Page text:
What is the Rosetta Stone?
The Rosetta Stone is a stone with writing on it in two languages (Egyptian and Greek), using three scripts (hieroglyphic, demotic and Greek).
Why is it in three different scripts?
The Rosetta Stone is written in three scripts because when it was written, there were three scripts being used in Egypt.
The first was hieroglyphic which was the script used for important or religious documents.
|Detail of hieroglyphic and demotic script on the Rosetta Stone|
The second was demotic which was the common script of Egypt.
The third was Greek which was the language of the rulers of Egypt at that time.
The Rosetta Stone was written in all three scripts so that the priests, government officials and rulers of Egypt could read what it said.
When was the Rosetta Stone made?
The Rosetta Stone was carved in 196 B.C..
When was the Rosetta Stone found?
The Rosetta Stone was found in 1799.
Who found the Rosetta Stone?
The Rosetta Stone was found by French soldiers who were rebuilding a fort in Egypt.
Where was the Rosetta Stone found?
The Rosetta Stone was found in a small village in the Delta called Rosetta (Rashid).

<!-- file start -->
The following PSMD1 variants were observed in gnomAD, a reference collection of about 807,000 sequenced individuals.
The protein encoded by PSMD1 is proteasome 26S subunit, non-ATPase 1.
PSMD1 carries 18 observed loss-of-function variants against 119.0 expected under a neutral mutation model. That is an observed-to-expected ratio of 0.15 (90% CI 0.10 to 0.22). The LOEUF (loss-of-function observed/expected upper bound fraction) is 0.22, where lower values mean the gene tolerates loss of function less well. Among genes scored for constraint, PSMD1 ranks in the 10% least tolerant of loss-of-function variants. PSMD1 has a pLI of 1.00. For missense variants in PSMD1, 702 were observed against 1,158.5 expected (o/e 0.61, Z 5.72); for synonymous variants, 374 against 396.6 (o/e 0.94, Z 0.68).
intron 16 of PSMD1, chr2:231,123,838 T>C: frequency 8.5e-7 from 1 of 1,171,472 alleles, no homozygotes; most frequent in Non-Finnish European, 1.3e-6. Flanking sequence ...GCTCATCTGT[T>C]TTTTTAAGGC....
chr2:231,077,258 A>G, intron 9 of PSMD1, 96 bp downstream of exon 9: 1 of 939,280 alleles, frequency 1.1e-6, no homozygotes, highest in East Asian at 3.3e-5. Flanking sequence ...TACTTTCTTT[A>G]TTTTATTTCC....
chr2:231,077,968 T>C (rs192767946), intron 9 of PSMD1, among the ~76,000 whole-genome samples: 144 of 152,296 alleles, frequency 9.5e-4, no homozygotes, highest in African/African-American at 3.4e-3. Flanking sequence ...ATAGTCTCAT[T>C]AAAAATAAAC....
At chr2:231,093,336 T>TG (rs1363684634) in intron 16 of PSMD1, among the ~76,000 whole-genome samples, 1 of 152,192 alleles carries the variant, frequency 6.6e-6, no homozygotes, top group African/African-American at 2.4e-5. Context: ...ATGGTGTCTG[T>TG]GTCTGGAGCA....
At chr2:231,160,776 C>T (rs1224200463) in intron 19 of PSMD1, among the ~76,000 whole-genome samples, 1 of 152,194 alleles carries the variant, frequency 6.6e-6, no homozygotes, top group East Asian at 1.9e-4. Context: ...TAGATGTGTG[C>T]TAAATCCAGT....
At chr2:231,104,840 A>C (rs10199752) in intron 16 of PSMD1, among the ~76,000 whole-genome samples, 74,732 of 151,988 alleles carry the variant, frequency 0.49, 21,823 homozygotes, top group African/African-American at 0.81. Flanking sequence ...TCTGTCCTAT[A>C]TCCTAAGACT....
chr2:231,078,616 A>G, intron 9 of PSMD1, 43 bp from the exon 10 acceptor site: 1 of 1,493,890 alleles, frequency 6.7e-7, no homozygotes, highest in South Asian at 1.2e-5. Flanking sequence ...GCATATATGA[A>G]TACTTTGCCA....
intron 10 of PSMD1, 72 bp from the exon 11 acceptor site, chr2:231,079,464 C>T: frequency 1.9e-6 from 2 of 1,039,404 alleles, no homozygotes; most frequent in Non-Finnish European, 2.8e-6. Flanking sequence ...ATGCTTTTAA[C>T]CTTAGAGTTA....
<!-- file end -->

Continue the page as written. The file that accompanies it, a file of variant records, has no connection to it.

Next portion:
Why is it called the Rosetta Stone?
It is called the Rosetta Stone because it was discovered in a town called Rosetta (Rashid).
What does the Rosetta Stone say?
The Rosetta Stone is a text written by a group of priests in Egypt to honour the Egyptian pharaoh. It lists all of the things that the pharaoh has done that are good for the priests and the people of Egypt.
Who deciphered hieroglyphs? Many people worked on deciphering hieroglyphs over several hundred years. However, the structure of the script was very difficult to work out.
After many years of studying the Rosetta Stone and other examples of ancient Egyptian writing, Jean-François Champollion deciphered hieroglyphs in 1822.
How did Champollion decipher hieroglyphs?
Champollion could read both Greek and coptic.
He was able to figure out what the seven demotic signs in coptic were. By looking at how these signs were used in coptic he was able to work out what they stood for. Then he began tracing these demotic signs back to hieroglyphic signs.
By working out what some hieroglyphs stood for, he could make educated guesses about what the other hieroglyphs stood for.
Já estivemos a olhar para ela no British Museum :)